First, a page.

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In episode four of the Improving the System season. Just Science interviews Sarah Chu, Senior Adviser on Forensic Science Policy at the Innocence Project, about their work to end wrongful conviction. Currently, there are over 2,500 cases on the National Registry of Exonerations. Organizations like the Innocence Project work tirelessly to put an end to wrongful convictions. They rely on people familiar with both policy and forensic science – people like Sarah Chu. Listen along as she discusses the Innocence Project and the impact that it has had on the criminal justice system in this episode of Just Science. 

The recording originally took place on May 5th, 2018 and some data may have changed since then

The paper referenced by Sarah in the podcast “INNOCENCE PROJECT: DNA EXONERATIONS, 1989-2014: REVIEW OF DATA AND FINDINGS FROM THE FIRST 25 YEARS” written by Emily West, Ph.D. and Vanessa Meterko, M.A., states that there were 73 cases involving hair microscopy problems, not 70. To read the article click here.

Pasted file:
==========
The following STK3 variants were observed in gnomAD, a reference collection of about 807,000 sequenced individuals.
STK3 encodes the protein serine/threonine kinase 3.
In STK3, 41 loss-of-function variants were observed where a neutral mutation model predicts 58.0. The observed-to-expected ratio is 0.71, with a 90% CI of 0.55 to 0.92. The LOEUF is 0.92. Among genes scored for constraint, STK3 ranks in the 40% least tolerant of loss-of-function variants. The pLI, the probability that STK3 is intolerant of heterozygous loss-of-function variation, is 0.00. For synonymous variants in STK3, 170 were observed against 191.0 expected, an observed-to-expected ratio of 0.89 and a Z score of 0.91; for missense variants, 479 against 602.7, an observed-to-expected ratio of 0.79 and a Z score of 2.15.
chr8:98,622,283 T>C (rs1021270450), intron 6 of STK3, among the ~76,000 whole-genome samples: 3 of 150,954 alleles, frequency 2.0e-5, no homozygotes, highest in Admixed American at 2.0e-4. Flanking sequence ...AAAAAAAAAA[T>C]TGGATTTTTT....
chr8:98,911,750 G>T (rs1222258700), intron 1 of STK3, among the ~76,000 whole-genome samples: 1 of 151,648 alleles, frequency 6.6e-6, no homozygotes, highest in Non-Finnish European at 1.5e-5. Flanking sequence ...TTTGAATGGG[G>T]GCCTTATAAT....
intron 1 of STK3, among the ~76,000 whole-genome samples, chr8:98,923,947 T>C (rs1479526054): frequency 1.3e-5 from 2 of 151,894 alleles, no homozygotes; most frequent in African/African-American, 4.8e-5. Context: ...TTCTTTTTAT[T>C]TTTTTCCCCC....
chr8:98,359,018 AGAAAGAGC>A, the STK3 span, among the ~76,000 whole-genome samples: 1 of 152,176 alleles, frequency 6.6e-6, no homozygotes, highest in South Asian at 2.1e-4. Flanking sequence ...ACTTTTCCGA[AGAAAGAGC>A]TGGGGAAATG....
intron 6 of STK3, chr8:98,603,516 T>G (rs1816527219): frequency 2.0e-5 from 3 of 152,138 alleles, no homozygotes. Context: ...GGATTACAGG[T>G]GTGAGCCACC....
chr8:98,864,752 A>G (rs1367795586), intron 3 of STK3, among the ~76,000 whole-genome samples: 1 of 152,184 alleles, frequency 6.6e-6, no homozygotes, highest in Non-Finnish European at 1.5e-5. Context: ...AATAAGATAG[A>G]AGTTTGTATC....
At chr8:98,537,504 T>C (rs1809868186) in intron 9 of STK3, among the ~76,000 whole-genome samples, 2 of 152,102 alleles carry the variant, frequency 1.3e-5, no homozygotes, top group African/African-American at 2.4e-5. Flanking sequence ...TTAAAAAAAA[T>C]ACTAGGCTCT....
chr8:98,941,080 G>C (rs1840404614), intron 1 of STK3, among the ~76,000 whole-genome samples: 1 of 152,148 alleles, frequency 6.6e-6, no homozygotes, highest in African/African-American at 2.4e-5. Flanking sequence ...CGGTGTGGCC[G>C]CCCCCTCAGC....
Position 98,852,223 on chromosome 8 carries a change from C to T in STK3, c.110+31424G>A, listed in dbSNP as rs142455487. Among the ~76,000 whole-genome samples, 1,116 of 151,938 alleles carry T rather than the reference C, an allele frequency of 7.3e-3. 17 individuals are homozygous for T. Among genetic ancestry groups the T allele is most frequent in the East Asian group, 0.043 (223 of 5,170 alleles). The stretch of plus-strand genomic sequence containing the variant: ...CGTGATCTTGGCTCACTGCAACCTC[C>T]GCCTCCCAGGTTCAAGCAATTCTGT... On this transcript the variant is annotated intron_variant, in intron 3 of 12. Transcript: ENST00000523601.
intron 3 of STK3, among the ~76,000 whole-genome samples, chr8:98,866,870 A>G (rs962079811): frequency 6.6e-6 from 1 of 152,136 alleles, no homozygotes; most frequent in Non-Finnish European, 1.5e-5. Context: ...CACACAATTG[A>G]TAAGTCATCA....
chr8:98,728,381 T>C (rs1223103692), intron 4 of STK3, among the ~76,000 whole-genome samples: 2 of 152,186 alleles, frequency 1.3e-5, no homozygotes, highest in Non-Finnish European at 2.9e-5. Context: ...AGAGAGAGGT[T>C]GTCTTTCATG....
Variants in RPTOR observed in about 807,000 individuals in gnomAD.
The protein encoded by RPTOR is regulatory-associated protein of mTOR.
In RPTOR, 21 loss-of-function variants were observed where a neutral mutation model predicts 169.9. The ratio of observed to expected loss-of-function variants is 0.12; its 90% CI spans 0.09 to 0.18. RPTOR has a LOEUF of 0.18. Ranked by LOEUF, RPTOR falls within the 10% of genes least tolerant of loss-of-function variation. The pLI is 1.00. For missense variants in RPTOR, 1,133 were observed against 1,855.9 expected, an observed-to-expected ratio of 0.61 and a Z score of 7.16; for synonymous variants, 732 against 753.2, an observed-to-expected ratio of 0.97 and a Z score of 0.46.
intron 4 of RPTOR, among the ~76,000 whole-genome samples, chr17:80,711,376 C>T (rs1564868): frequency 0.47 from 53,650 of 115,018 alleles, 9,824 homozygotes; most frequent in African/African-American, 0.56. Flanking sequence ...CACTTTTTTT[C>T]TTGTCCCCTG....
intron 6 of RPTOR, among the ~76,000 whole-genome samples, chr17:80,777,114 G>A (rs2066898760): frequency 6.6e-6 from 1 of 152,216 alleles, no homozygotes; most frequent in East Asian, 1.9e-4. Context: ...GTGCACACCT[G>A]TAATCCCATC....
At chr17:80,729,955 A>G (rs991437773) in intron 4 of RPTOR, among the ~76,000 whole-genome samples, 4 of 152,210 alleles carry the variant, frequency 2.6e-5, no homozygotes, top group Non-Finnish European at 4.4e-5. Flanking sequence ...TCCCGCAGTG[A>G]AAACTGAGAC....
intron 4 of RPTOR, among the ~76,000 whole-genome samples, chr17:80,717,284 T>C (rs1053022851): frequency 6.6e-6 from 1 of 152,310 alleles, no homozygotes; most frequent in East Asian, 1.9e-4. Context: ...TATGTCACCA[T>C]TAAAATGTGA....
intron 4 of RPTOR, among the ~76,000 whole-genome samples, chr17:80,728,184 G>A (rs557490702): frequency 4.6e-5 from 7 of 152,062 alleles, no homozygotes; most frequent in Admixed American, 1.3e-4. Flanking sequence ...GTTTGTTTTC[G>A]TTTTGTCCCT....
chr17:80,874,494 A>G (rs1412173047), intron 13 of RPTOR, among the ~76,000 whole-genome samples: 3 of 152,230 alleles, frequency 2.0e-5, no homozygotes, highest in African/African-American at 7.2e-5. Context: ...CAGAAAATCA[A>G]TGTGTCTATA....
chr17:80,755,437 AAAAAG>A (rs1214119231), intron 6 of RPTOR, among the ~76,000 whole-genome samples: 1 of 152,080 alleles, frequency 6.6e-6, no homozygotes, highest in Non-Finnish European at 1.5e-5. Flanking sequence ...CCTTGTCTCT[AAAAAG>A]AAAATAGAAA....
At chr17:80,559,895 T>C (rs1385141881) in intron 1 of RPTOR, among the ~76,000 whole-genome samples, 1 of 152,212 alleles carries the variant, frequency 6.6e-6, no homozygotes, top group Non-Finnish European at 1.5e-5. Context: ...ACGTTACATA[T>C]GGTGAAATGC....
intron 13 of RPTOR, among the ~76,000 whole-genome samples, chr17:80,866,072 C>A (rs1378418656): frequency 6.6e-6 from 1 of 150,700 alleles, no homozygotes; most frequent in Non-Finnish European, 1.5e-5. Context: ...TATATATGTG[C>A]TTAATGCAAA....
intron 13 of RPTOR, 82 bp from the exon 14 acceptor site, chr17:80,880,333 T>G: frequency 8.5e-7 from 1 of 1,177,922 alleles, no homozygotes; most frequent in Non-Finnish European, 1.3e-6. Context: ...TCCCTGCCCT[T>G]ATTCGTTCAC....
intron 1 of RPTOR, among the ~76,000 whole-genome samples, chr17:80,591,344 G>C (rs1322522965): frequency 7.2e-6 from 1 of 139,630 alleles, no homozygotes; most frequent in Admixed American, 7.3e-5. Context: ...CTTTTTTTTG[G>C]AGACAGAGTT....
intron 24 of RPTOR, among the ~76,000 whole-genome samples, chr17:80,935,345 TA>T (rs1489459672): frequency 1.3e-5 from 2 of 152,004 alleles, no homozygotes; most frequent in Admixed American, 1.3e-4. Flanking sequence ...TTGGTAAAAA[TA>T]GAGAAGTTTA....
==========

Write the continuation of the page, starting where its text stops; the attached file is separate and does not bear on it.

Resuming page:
This episode of Just Science is funded by the National Institute of Justice’s Forensic Technology Center of Excellence [Award 2016-MU-BX-K110].

 

 

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Sarah Chu joined the Innocence Project in September 2008. As the Senior Advisor on Forensic Science Policy, she supports policy work that focuses on improving the validity and reliability of forensic science. Prior to joining the Innocence Project, Sarah worked in executive search and as a middle school science teacher in the NYC public schools. She also represents her community on her local community board. During her academic career, Sarah published work in plant biology and musculoskeletal epidemiology. Sarah graduated from the University of California, San Diego with bachelor degrees in Biochemistry/Cell Biology, Communication, and a Masters in Biology. She also holds a Masters in Epidemiology from Stanford University.